To Mr. E. T. Sturdy
I have begun my Sunday lectures here and also the classes. Both are very enthusiastically received. I make them all free and take up a collection to pay the hall etc. Last Sunday’s lecture was very much appreciated and is in the press. I shall send you a few copies next week. It was the outline of our work.
As my friends have engaged a stenographer (Goodwin), all these class lessons and public lectures are taken down. I intend to send you a copy of each. They may suggest you some ideas.
My great want here is a strong man like you, possessing intellect, and ability, and love. In this nation of universal education, all seem to melt down into a mediocrity, and the few able are weighed down by the eternal money-making.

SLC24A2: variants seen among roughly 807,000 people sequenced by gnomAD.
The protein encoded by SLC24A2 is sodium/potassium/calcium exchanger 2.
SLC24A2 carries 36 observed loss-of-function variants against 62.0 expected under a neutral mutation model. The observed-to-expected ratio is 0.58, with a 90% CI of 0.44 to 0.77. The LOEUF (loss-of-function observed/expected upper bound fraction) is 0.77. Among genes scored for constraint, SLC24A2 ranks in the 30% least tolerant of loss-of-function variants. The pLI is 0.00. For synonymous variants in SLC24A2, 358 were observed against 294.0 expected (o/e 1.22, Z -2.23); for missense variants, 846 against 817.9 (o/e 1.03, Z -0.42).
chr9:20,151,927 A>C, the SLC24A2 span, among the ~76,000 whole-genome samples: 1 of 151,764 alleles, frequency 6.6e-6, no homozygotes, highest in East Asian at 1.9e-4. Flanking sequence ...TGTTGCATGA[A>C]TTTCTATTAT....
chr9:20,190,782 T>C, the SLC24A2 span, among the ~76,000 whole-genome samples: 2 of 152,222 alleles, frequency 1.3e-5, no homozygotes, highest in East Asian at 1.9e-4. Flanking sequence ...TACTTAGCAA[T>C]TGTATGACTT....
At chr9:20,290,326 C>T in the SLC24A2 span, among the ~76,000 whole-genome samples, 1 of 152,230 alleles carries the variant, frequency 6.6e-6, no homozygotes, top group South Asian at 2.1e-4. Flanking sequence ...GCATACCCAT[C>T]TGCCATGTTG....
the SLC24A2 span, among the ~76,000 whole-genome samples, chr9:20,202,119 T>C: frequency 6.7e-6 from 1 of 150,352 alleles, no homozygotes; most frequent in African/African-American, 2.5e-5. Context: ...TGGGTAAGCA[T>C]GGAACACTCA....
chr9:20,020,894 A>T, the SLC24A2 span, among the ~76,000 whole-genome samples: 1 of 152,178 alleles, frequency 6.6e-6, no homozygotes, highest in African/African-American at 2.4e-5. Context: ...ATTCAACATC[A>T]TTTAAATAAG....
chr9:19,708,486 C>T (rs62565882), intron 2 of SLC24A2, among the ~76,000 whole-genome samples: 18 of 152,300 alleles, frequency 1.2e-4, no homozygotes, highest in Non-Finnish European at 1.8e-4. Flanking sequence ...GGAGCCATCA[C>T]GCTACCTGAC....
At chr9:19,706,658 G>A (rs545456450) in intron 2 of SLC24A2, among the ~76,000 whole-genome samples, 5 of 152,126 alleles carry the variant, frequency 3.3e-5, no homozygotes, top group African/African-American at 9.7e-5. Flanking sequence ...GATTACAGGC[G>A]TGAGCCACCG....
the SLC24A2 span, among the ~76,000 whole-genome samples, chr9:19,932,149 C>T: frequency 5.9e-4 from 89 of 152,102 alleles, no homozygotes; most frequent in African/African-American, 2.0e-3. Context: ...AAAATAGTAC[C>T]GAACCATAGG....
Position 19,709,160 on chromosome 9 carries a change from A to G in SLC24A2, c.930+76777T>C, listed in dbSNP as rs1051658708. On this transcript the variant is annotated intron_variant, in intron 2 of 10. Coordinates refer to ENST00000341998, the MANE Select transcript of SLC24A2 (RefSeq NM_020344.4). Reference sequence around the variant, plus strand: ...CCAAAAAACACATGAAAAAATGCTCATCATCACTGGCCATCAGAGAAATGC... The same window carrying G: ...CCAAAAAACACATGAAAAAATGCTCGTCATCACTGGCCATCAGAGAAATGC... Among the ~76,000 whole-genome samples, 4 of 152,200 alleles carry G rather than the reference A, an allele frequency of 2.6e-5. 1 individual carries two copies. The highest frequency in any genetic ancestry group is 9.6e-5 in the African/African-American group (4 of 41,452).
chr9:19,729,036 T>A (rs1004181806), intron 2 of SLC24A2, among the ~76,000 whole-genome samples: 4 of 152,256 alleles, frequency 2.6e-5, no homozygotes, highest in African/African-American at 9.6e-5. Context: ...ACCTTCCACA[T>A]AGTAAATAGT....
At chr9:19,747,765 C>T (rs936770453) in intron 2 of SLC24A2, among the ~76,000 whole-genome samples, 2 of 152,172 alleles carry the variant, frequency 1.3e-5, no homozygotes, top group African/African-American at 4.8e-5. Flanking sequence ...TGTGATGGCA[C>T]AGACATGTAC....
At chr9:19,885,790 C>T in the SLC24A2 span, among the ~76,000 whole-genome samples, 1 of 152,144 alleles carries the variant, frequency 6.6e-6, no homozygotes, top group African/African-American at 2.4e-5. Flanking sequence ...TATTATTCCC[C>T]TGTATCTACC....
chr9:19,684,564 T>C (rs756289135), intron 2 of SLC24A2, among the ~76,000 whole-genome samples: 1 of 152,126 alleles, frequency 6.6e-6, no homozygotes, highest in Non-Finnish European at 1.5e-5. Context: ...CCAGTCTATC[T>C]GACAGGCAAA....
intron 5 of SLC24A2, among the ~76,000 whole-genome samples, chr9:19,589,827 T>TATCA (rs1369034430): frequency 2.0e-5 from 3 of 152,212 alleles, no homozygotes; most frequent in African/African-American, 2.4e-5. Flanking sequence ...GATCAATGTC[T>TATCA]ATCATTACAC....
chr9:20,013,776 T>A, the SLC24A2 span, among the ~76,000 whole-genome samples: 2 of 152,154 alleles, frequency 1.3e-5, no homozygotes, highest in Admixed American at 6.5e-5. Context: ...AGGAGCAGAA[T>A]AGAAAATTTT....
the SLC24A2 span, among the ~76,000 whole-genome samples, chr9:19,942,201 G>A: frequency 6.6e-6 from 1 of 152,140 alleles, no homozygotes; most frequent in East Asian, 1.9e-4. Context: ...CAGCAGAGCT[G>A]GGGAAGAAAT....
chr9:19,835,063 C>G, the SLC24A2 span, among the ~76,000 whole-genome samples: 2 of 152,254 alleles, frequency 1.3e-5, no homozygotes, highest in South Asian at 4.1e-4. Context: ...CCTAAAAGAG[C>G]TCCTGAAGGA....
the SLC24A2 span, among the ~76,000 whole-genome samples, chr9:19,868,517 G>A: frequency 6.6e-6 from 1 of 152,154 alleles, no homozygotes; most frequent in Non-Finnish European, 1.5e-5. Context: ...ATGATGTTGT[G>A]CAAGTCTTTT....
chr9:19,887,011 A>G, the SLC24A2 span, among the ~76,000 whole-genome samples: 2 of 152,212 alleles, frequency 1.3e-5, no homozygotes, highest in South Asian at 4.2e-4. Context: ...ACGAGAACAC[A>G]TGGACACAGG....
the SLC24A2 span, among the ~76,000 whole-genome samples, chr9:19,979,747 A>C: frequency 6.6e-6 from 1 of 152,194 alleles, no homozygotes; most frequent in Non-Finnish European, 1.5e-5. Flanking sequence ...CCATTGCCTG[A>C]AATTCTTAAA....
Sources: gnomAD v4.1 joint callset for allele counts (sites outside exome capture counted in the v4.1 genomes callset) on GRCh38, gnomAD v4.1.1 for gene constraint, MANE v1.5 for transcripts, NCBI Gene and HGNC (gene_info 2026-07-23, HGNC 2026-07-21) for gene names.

I have a chance of getting a piece of land in the country, and some buildings on it, plenty of trees and a river, to serve as a summer meditation resort. That, of course, requires a committee to look after it in my absence, as also the handling of money and printing and other matters.
I have separated myself entirely from money questions, yet without it the movement cannot go on. So necessarily I have to make over everything executive to a committee, which will look after these things in my absence. Steady work is not in the line of the Americans. The only way they work, is in a herd. So let them have it. As to the teaching part, my friends will go over this country from place to place, each one independent, and let them form independent circles. That is the easiest way to spread. Then, when there will be sufficient strength, we shall have yearly gatherings to concentrate our energies.
The committee is entirely executive and it is confined to New York alone. . . .
Ever yours with love and blessings,